Sibling rivalry and the discovery of America; was a Portuguese-Danish cooperation involved?
Scandinavia and Iberia are the two maritime peninsulas fronting on the Atlantic Ocean and respectively guarding the entrances to Europe’s two great inland seas–the Baltic and the Mediterranean. Each of these regions has witnessed both a struggle between a unifying cultural-linguistic and religious heritage, and a bitter national envy and rivalry that for a time encompassed union and threatened absorption of the “lesser” or “younger” sibling. This was followed by a renewed independence and sense of distinct identity and the identification of the “older” or “greater” rival with imperialist ambitions, and indelibly stamped as an arrogant and hypocritical usurper. In both peninsulas, the originally unified and ascendant powers of Denmark and Portugal achieved independence as a distinct nation-state, regional hegemony and a far flung overseas empire–only to lose out and suffer a long period of hurt feelings of inferiority vis-à-vis the newly dominant rival “big brother” (Sweden and Spain).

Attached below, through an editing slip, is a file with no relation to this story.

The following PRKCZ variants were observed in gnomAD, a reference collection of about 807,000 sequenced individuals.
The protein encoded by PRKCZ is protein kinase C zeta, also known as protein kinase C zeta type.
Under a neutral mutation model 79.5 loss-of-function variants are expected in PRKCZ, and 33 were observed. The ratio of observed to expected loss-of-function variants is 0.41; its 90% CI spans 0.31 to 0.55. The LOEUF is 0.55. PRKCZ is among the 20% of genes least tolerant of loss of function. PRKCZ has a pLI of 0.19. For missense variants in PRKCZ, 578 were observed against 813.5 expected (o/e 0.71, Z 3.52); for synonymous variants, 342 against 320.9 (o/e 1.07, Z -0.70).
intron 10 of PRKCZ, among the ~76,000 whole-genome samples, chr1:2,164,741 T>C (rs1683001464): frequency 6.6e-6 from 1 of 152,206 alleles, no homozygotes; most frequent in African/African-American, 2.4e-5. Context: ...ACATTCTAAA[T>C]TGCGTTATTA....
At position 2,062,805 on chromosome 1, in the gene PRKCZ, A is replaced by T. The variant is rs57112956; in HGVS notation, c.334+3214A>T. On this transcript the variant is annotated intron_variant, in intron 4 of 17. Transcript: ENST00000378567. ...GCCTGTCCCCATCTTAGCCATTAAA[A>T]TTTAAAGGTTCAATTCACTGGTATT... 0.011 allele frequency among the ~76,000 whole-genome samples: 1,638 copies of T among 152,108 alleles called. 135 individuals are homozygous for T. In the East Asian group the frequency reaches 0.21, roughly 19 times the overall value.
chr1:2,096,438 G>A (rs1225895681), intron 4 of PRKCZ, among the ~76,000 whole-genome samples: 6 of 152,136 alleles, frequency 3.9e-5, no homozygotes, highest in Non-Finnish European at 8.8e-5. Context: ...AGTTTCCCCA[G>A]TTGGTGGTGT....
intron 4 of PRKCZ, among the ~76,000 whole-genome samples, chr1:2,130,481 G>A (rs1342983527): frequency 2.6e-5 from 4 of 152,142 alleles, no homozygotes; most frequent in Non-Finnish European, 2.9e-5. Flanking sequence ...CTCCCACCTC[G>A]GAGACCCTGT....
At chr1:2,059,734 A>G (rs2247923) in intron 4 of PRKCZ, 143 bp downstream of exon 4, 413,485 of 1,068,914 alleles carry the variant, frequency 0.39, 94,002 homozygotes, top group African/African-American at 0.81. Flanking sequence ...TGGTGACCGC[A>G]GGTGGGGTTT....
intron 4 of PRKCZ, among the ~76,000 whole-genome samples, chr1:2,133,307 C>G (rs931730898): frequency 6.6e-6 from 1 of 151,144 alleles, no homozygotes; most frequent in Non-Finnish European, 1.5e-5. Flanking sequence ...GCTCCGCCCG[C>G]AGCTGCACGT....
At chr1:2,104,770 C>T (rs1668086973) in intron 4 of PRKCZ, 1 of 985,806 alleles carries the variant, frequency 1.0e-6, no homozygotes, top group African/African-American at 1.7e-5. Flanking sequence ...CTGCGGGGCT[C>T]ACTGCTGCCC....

Psychiatrists use the term “sibling rivalry” to denote the frequent sense of competitiveness of siblings for the love of their parents, the affection of friends and relations and the relative success in their chosen careers and personal lives. The same characteristics and traits may be found among closely related nations that have had a long intertwined history, have often been united for a time in a long-lasting union, and speak closely related languages or regional dialects. Such pairs of nations that exhibit feelings of competitiveness, jealously and alternating phases of superiority and inferiority complexes are The “minor siblings” (Denmark and Portugal) increasingly relied upon their Atlantic coasts and overseas orientation to establish vast colonial empires in the mid-Atlantic (the Azores, Madeira, Brazil) and the North Atlantic (the Faeroes, Iceland and Greenland, and the Virgin Islands), and even further in Africa, India and Asia. One of the most fascinating and as yet incomplete studies of an episode in the history of exploration is the brief but fertile period of Portuguese-Danish cooperation (1425-1476).